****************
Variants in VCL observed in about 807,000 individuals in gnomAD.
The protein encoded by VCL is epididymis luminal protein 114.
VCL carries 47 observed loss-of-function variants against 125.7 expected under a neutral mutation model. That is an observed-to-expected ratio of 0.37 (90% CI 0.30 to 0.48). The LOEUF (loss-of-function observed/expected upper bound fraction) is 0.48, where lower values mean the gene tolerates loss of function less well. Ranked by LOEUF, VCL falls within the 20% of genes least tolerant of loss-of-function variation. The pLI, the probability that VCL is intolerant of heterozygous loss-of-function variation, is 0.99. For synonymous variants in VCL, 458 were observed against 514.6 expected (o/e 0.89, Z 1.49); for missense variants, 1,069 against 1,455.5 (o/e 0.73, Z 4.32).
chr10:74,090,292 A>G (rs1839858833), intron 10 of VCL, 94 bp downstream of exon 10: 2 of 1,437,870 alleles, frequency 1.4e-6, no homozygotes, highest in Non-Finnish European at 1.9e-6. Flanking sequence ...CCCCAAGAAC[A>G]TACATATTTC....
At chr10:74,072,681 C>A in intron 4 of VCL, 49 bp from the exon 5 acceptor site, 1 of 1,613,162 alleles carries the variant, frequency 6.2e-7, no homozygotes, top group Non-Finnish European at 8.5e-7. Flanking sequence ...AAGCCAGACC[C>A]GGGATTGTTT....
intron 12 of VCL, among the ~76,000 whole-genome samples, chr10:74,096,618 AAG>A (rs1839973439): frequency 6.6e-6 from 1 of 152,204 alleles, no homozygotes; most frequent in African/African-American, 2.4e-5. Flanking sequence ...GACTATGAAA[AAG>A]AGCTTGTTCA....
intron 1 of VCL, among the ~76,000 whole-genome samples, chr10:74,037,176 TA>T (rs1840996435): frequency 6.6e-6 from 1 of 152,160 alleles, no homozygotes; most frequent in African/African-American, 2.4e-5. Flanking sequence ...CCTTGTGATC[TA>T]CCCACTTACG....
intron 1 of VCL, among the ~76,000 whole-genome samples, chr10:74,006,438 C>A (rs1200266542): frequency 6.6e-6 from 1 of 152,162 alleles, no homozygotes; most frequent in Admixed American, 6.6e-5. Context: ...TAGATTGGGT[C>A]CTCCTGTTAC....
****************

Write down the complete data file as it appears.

Variants in VCL observed in about 807,000 individuals in gnomAD.
The protein encoded by VCL is epididymis luminal protein 114.
VCL carries 47 observed loss-of-function variants against 125.7 expected under a neutral mutation model. That is an observed-to-expected ratio of 0.37 (90% CI 0.30 to 0.48). The LOEUF (loss-of-function observed/expected upper bound fraction) is 0.48, where lower values mean the gene tolerates loss of function less well. Ranked by LOEUF, VCL falls within the 20% of genes least tolerant of loss-of-function variation. The pLI, the probability that VCL is intolerant of heterozygous loss-of-function variation, is 0.99. For synonymous variants in VCL, 458 were observed against 514.6 expected (o/e 0.89, Z 1.49); for missense variants, 1,069 against 1,455.5 (o/e 0.73, Z 4.32).
chr10:74,090,292 A>G (rs1839858833), intron 10 of VCL, 94 bp downstream of exon 10: 2 of 1,437,870 alleles, frequency 1.4e-6, no homozygotes, highest in Non-Finnish European at 1.9e-6. Flanking sequence ...CCCCAAGAAC[A>G]TACATATTTC....
At chr10:74,072,681 C>A in intron 4 of VCL, 49 bp from the exon 5 acceptor site, 1 of 1,613,162 alleles carries the variant, frequency 6.2e-7, no homozygotes, top group Non-Finnish European at 8.5e-7. Flanking sequence ...AAGCCAGACC[C>A]GGGATTGTTT....
intron 12 of VCL, among the ~76,000 whole-genome samples, chr10:74,096,618 AAG>A (rs1839973439): frequency 6.6e-6 from 1 of 152,204 alleles, no homozygotes; most frequent in African/African-American, 2.4e-5. Flanking sequence ...GACTATGAAA[AAG>A]AGCTTGTTCA....
intron 1 of VCL, among the ~76,000 whole-genome samples, chr10:74,037,176 TA>T (rs1840996435): frequency 6.6e-6 from 1 of 152,160 alleles, no homozygotes; most frequent in African/African-American, 2.4e-5. Flanking sequence ...CCTTGTGATC[TA>T]CCCACTTACG....
intron 1 of VCL, among the ~76,000 whole-genome samples, chr10:74,006,438 C>A (rs1200266542): frequency 6.6e-6 from 1 of 152,162 alleles, no homozygotes; most frequent in Admixed American, 6.6e-5. Context: ...TAGATTGGGT[C>A]CTCCTGTTAC....